• 3 Replies to docjoe999
      • << The Euro and Real are joined at the hip, and they both fell as traders moved into the safety of the dollar.>>

        Safety?

        I disagree.

        Reversal of carry trade is not the same as flight to safety.

        In order to understand effect, you must look to what the REAL cause is.

        As to joined at the hip, give me a break.

        Brazil's LT fundamentals are much better than those in Europe and the cream will rise again as soon as the scared carry traders' effect is gone.

        We went through this before.

      • No way the real goes to 2.50 - 3.00. Brazil's more sound fundamentally than the USD and the economy is less leveraged from a government and corporate standpoint. Did you check gold today? It rallied and looks to resume its uptrend. The market is sending a signal that it's willing to go long instruments that pose and alternative to unsound currencies such as the USD and the EUR. I believe the Singapore dollar, the Aussie dollar and the Brazilian real offer currency resilience for the long-term vis-à-vis the structurally unsound economies of Europe and America. As for shorting the euro, it's a stupid trade. Sure, it might go lower, but, in trading, good trades present favorable risk-reward. Where do you set your stop on a chart that looks like a falling knife already? You should expect massive reward to compensate you for your risk. Shorting the euro at this point, for me, presents no identifiable risk-reward.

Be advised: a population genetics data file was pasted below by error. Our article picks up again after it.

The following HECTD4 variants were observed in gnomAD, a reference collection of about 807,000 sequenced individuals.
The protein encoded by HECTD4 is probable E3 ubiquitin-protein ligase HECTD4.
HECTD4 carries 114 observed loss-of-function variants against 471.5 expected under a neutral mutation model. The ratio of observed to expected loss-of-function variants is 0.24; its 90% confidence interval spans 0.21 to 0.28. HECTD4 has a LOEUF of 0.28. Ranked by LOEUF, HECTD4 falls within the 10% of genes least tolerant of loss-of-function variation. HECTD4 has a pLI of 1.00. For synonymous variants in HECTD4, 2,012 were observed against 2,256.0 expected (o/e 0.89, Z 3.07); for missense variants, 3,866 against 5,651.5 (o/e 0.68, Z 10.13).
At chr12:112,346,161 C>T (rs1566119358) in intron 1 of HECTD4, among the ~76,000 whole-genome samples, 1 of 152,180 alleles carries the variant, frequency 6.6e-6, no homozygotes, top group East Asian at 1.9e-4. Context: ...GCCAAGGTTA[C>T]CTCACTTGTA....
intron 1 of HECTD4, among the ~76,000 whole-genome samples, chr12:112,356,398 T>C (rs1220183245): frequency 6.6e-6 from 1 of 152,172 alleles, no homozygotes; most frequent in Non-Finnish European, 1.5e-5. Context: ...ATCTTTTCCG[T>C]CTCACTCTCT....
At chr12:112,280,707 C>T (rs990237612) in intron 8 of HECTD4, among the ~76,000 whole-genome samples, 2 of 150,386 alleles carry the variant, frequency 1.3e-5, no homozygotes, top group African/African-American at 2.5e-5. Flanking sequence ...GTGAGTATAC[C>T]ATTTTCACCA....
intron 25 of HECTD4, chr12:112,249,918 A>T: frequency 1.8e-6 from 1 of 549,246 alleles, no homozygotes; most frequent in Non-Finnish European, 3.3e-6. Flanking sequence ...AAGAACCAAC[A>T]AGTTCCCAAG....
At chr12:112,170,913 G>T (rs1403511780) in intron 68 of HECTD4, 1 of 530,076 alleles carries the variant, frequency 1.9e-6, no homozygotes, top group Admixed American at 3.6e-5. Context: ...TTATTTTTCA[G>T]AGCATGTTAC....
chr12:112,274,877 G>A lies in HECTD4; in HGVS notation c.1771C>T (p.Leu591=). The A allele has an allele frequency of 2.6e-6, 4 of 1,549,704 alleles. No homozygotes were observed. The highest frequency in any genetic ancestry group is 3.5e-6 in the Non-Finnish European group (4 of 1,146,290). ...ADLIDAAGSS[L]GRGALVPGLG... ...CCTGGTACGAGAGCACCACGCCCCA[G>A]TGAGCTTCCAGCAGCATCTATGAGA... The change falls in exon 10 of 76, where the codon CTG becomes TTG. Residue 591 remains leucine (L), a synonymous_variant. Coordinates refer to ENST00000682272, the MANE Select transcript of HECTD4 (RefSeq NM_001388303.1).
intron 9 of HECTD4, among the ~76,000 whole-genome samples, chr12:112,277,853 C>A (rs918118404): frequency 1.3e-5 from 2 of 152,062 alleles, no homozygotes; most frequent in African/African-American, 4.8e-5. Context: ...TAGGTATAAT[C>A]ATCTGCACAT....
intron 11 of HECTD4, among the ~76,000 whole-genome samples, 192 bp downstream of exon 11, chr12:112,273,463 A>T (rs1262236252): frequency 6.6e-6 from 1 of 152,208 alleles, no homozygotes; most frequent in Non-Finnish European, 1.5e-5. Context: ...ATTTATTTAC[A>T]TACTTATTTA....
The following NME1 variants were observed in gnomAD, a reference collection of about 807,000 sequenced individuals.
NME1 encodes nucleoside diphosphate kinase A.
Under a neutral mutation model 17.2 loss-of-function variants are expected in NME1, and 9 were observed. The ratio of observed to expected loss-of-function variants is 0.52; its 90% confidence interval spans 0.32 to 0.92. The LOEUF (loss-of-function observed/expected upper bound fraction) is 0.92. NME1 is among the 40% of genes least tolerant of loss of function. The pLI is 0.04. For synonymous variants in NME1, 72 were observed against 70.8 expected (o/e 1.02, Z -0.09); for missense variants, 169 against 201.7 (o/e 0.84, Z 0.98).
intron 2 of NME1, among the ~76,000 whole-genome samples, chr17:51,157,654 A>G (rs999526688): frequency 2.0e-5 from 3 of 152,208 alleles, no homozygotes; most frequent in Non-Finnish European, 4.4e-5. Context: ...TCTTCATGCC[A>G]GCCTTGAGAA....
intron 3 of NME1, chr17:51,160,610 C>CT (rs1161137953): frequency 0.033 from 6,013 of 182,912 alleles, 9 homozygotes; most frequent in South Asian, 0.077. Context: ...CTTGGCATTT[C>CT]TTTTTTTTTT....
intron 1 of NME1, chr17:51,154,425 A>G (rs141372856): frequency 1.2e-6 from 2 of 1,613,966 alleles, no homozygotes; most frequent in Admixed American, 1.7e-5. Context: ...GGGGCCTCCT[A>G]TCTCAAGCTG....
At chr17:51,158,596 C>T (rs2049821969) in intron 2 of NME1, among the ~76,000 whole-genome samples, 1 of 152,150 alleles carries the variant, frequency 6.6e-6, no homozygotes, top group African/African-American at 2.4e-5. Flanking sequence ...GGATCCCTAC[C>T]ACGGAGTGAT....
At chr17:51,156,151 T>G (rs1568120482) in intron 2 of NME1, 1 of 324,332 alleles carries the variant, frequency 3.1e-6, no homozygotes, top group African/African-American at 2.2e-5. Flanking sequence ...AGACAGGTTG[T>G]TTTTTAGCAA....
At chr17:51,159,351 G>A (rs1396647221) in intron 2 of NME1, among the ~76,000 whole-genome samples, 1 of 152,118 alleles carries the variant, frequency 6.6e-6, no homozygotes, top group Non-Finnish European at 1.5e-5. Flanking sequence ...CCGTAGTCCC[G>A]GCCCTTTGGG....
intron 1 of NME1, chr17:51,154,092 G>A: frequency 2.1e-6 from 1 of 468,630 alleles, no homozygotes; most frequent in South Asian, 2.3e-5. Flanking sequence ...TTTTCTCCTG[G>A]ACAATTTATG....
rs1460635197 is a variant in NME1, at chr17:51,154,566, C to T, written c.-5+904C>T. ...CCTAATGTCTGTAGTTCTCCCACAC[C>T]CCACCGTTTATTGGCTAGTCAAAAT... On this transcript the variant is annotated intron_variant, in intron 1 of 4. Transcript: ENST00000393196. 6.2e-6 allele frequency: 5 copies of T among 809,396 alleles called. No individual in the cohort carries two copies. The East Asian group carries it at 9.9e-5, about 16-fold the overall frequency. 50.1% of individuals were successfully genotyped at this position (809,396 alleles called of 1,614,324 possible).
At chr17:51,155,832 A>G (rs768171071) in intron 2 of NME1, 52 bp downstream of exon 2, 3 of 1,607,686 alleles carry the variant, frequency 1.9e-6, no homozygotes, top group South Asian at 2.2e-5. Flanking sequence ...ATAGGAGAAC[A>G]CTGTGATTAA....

Something else to chew one: Brazil's SELIC is pricing a 300bp increase by January. From an arbitrage point of view alone, this keeps currency inflows alive.

        As for PBR, the interest rate meeting wasn't the only reason I went short. I had mentioned last week that USO was flirting with its 50-day line and would break lower very soon. That, added to the fact that PBR has been underperforming the SP-500 on a technical basis YTD. So, whether you wanna call it an S&P downgrade to Greece or a sell-off in oil, the fact is that my technical reasons for selling the stock paid off.